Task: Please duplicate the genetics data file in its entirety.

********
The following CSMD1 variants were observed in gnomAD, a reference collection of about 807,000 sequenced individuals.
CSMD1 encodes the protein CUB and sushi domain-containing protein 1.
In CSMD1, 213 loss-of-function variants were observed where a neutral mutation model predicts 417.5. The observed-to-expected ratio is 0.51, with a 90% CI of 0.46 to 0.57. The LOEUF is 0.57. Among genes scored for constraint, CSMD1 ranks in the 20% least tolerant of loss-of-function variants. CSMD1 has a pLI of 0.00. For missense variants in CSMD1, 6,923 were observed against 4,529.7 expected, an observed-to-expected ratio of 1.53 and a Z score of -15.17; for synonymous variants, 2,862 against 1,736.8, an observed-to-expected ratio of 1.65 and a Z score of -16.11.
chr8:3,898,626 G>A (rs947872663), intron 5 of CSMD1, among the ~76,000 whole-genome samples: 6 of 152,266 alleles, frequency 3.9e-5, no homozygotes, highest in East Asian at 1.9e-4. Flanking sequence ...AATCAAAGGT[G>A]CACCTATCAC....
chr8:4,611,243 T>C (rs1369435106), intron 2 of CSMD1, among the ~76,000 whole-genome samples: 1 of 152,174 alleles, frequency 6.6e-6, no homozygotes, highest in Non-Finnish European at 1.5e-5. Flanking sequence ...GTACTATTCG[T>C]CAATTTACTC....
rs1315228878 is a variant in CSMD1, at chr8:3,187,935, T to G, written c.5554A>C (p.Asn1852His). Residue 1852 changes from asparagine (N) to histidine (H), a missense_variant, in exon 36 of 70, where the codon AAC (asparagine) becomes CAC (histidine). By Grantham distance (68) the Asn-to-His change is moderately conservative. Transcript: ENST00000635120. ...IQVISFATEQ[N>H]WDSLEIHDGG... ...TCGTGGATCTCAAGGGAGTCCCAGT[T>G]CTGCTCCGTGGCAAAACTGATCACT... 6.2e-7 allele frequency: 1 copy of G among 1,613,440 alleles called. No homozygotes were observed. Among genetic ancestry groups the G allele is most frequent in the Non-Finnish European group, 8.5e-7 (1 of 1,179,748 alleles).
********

The following CSMD1 variants were observed in gnomAD, a reference collection of about 807,000 sequenced individuals.
CSMD1 encodes the protein CUB and sushi domain-containing protein 1.
In CSMD1, 213 loss-of-function variants were observed where a neutral mutation model predicts 417.5. The observed-to-expected ratio is 0.51, with a 90% CI of 0.46 to 0.57. The LOEUF is 0.57. Among genes scored for constraint, CSMD1 ranks in the 20% least tolerant of loss-of-function variants. CSMD1 has a pLI of 0.00. For missense variants in CSMD1, 6,923 were observed against 4,529.7 expected, an observed-to-expected ratio of 1.53 and a Z score of -15.17; for synonymous variants, 2,862 against 1,736.8, an observed-to-expected ratio of 1.65 and a Z score of -16.11.
chr8:3,898,626 G>A (rs947872663), intron 5 of CSMD1, among the ~76,000 whole-genome samples: 6 of 152,266 alleles, frequency 3.9e-5, no homozygotes, highest in East Asian at 1.9e-4. Flanking sequence ...AATCAAAGGT[G>A]CACCTATCAC....
chr8:4,611,243 T>C (rs1369435106), intron 2 of CSMD1, among the ~76,000 whole-genome samples: 1 of 152,174 alleles, frequency 6.6e-6, no homozygotes, highest in Non-Finnish European at 1.5e-5. Flanking sequence ...GTACTATTCG[T>C]CAATTTACTC....
rs1315228878 is a variant in CSMD1, at chr8:3,187,935, T to G, written c.5554A>C (p.Asn1852His). Residue 1852 changes from asparagine (N) to histidine (H), a missense_variant, in exon 36 of 70, where the codon AAC (asparagine) becomes CAC (histidine). By Grantham distance (68) the Asn-to-His change is moderately conservative. Transcript: ENST00000635120. ...IQVISFATEQ[N>H]WDSLEIHDGG... ...TCGTGGATCTCAAGGGAGTCCCAGT[T>G]CTGCTCCGTGGCAAAACTGATCACT... 6.2e-7 allele frequency: 1 copy of G among 1,613,440 alleles called. No homozygotes were observed. Among genetic ancestry groups the G allele is most frequent in the Non-Finnish European group, 8.5e-7 (1 of 1,179,748 alleles).